2. Use Case: Read and Write Access to User Posts:
      • Use Case Description: Your application allows users to create, view, update, and delete their posts.
      • Scope(s) Needed: posts:read, posts:write
      • Example: If your application integrates with a social media API, you might request both posts:read and posts:write scopes to allow users to read and write posts.
    3. Use Case: Access to Financial Transactions for Reporting:
      • Use Case Description: Your application needs to fetch financial transaction data for generating reports but doesn’t require the ability to initiate transactions.
      • Scope(s) Needed: transactions:read
      • Example: If your application integrates with a banking API, you might request the transactions:read scope to access the user’s transaction history.
    4. Use Case: Limited Access to Location Data for Geocoding:
      • Use Case Description: Your application requires access to location data for geocoding addresses but doesn’t need continuous access to the user’s location.
      • Scope(s) Needed: location:read
      • Example: If your application integrates with a mapping API, you might request the location:read scope to access location data for geocoding addresses.

    #6 – Choose the type of query

    You can execute different queries when calling the API:

    • GET: Used to get data from a server. Example: Reading a user’s profile.
    • POST: Used to send data to a server to create something new. Example: Creating a new user account.
    • PUT: Used to update data on a server. Example: Updating a user’s profile.
    • PATCH: Used to make partial updates to data on a server. Example: Changing only a user’s email address.
    • DELETE: Used to remove data from a server. Example: Deleting a user account.

    #7 – Select endpoints

    Using multiple endpoints to retrieve data is often necessary in API integration scenarios where the desired data is spread across different resources or requires different parameters for retrieval.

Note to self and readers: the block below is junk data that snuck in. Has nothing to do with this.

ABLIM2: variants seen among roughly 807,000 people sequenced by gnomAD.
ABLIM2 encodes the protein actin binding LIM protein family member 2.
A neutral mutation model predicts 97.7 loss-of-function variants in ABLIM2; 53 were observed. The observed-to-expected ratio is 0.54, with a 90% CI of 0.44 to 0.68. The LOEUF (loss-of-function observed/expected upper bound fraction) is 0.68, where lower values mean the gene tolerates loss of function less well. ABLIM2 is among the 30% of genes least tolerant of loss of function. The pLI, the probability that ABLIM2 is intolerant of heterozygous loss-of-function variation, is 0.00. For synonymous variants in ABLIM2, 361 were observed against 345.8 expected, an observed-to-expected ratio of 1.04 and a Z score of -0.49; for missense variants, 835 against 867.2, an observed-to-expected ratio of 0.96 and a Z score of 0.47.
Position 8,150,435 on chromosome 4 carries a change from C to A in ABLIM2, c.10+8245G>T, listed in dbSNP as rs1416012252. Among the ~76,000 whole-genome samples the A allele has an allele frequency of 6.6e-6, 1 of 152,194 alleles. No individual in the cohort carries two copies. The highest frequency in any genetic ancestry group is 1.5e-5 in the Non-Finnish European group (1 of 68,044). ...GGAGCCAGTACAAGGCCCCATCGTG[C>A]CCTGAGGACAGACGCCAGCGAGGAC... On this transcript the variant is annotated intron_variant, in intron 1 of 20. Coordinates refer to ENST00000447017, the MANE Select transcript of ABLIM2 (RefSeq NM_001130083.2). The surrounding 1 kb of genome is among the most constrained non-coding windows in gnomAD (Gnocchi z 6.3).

Here’s why it might be necessary, along with examples:

    1. Normalization of Data:
      • Sometimes, data is normalized across multiple endpoints to maintain data integrity and reduce redundancy.
      • Example: In an e-commerce application, product information may be stored separately from inventory information. To retrieve complete product details along with inventory status, you would need to query both the product and inventory endpoints separately.
    2. Granular Access Control:
      • APIs may enforce granular access control, allowing access to different subsets of data based on user permissions or roles.
      • Example: In a social media platform, retrieving user posts and comments may require separate endpoints. Users with different access levels (e.g., regular users vs. moderators) may have access to different subsets of comments, necessitating separate endpoints for retrieving them.
    3. Optimization of Performance:
      • Separate endpoints may be provided to optimize performance by allowing clients to retrieve only the data they need, reducing the payload size and response time.
      • Example: A weather API may offer separate endpoints for current weather conditions, hourly forecasts, and daily forecasts. Clients interested in current conditions may only need to query the current weather endpoint, avoiding unnecessary data retrieval.
    4. Versioning and Evolution of APIs:
      • APIs evolve over time, and new features or changes may require the introduction of new endpoints while maintaining backward compatibility.
      • Example: An API for a messaging service may introduce a new endpoint for retrieving message reactions or attachments in a later version. Clients using older versions of the API can continue to use existing endpoints without disruption, while newer clients can utilize the new endpoints for additional features.

    #8 – Check output data format

    Most APIs will return datasets in a JSON or XML format which are nice and easy formats to work with. But sometimes, you get more complicated datasets with nested objects or JSON strings which would require two queries to get a proper table.

    If you’re dealing with underlying data schema, you can go through those steps to get a clean table:

    1. Parse the JSON Response: Start by parsing the JSON response returned by the API to convert it into a format that can be easily manipulated and processed in your programming language of choice.
    2. Identify Nested Objects: Identify the nested objects or JSON strings within the dataset that need to be separated into different tables. These nested objects typically represent related but distinct entities in your data model.
    3. Extract Nested Data: Extract the data from the nested objects and store them in separate data structures or tables. This may involve iterating through the JSON response and extracting specific fields or objects of interest.
    4. Generate Unique Identifiers: Generate unique identifiers or keys for the extracted data that can be used to establish relationships between the main dataset and the nested tables. These identifiers will help you link related data across different tables.
    5. Perform Join Operations: Use the unique identifiers to perform join operations between the main dataset and the nested tables. Joins allow you to combine related data from multiple tables based on common keys or identifiers.